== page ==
Canada Writes has partnered up with Canada Council for the Arts and The Massey Lectures to present the writing series Close Encounters with Science. The series is inspired by The 2012 Massey Lectures.
Here's a description from the Canada Writes website: "This year's lecturer is physicist Neil Turok. We're fascinated by his insights on how science and technology affect everything around us, from the environment to our innermost thoughts".
Science and I are not friends. We're like neighbours at war (some of you might find this analogy funny). There is a tall fence between us that shall never be riven.
I decided to try to write something about science, even if it killed me. After all, good writing makes all the difference. If something is well-written, the topic is irrelevant.
Here is my entry:
The Rules of My Nature
In the eighth grade, I discovered that subjects and predicates moved me and that grammar was my forte. I was an idiot savant.
My father prided himself on his mathematical prowess. That I was clueless beyond simple calculations was proof that I took after my mother. I believed his words; they became part of me. Implicit in his censure was that mathematics and its evil twin – science - were for men and not for teenaged girls.
Mr. Tronko, my ninth grade chemistry teacher, was more interested in belittling students than in teaching them. On the day I wore a handsewn blouse with a rhinestone bracelet and capris, he paused and considered my appearance. He waited for silence and delivered his judgment:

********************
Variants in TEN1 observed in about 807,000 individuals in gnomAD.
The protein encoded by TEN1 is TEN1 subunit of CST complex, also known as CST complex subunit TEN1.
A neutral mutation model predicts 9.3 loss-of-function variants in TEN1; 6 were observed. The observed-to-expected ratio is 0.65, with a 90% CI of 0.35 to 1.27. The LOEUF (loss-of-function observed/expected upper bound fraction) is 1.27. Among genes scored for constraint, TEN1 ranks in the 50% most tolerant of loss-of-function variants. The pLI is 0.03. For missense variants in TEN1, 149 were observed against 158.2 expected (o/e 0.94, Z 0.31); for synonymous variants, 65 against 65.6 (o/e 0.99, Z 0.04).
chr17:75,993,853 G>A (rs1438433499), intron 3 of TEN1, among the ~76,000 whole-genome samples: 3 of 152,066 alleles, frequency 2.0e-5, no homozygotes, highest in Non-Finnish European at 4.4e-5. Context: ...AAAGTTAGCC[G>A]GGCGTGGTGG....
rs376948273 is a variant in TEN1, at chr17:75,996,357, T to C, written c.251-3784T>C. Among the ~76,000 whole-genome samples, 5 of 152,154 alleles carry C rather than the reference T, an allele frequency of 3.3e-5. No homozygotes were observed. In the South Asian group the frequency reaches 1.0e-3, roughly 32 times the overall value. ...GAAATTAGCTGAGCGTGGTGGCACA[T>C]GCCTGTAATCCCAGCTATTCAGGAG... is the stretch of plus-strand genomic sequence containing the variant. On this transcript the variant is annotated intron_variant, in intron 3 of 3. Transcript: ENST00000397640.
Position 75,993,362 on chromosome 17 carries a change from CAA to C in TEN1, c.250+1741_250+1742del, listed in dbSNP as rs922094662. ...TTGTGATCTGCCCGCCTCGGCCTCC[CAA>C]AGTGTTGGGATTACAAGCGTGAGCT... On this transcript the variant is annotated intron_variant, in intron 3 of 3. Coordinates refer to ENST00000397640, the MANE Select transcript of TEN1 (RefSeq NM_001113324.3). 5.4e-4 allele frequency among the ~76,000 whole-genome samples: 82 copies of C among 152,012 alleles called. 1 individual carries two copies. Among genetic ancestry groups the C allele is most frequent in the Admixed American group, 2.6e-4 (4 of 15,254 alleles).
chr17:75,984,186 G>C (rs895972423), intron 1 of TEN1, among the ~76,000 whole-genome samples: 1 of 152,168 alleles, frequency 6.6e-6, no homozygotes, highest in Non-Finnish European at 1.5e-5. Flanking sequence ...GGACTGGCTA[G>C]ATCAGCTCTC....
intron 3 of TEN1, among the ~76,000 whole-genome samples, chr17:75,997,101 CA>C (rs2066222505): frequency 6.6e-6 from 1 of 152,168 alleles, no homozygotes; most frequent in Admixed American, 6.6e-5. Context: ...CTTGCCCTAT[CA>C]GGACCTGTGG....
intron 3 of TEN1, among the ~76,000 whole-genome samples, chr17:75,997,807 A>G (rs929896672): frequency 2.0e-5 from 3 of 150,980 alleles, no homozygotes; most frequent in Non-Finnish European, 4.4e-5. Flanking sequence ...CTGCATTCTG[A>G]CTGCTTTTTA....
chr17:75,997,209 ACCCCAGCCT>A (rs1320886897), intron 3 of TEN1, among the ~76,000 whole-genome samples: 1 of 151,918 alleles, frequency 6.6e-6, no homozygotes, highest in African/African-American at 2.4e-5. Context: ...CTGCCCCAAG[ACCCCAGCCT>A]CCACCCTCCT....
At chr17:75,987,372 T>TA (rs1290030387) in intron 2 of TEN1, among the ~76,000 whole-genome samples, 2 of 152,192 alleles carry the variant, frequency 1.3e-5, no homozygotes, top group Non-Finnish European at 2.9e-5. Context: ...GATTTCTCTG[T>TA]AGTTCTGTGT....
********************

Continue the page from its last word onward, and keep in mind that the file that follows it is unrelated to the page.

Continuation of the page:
“Who do you think you are? Elizabeth Taylor?”
My cheeks were beetroots. I wanted to smash in his face with a bunsen burner.
Things didn't improve. Mr. Haq, my biology teacher, was a screamer. He told me that I wouldn't go far. That I was a stupid girl and that I shouldn't return. I was relieved.
When I entered university and realized that I needed a science credit, I pored over the course offerings: Geology (Rocks for Jocks), Astronomy (Moons for Goons), Chemistry and Physics. It was like selecting my preferred method of execution.
I consulted friends. We concluded that Geology was dull, Astronomy was math-heavy and I may as well splash myself in the face with acid if I were to take Chemistry. The Physics instructor was rumoured to be funny. I signed up.
The word “physics” filled me with shame. In Grade Thirteen, I was leery of the teacher, an ancient crone who couldn't smile. It was focal length that did me in. There was one equation that I was sure of: length implied numbers, numbers meant mathematics, mathematics equalled failure. I withdrew.
On the first day of Conceptual Physics for Non-Scientists, the Professor pulled a banana out of his pocket. Bananas make me gag but in my worldview, they are benign. He plunged the banana into liquid nitrogen and it froze rapidly. He smashed it on the counter and it splintered into shards. I was intrigued. He lured me in with the promise of more experiments and no math beyond simple multiplication.
His name was Whippey and he was quick and snappy in body and mind. I was reminded of Beaker from the Muppets. Demonstrations with balls, coins, feathers, balloons and other simple objects ensued. Was this Physics or Magic 101? Confident in my newfound knowledge, I waxed on about force, friction and inertia. I knew that I was hooked when I explained to my then-boyfriend that Bernoulli's Principle was behind the pesky shower curtain glued to his leg during a hot shower. Who did I think I was – Copernicus?
Physics is about understanding the rules of nature. My nature tells me that I will never be a mathematician, but conceptually, I will always be a Physicist.
Click on my Physics textbook to access the Canada Writes website.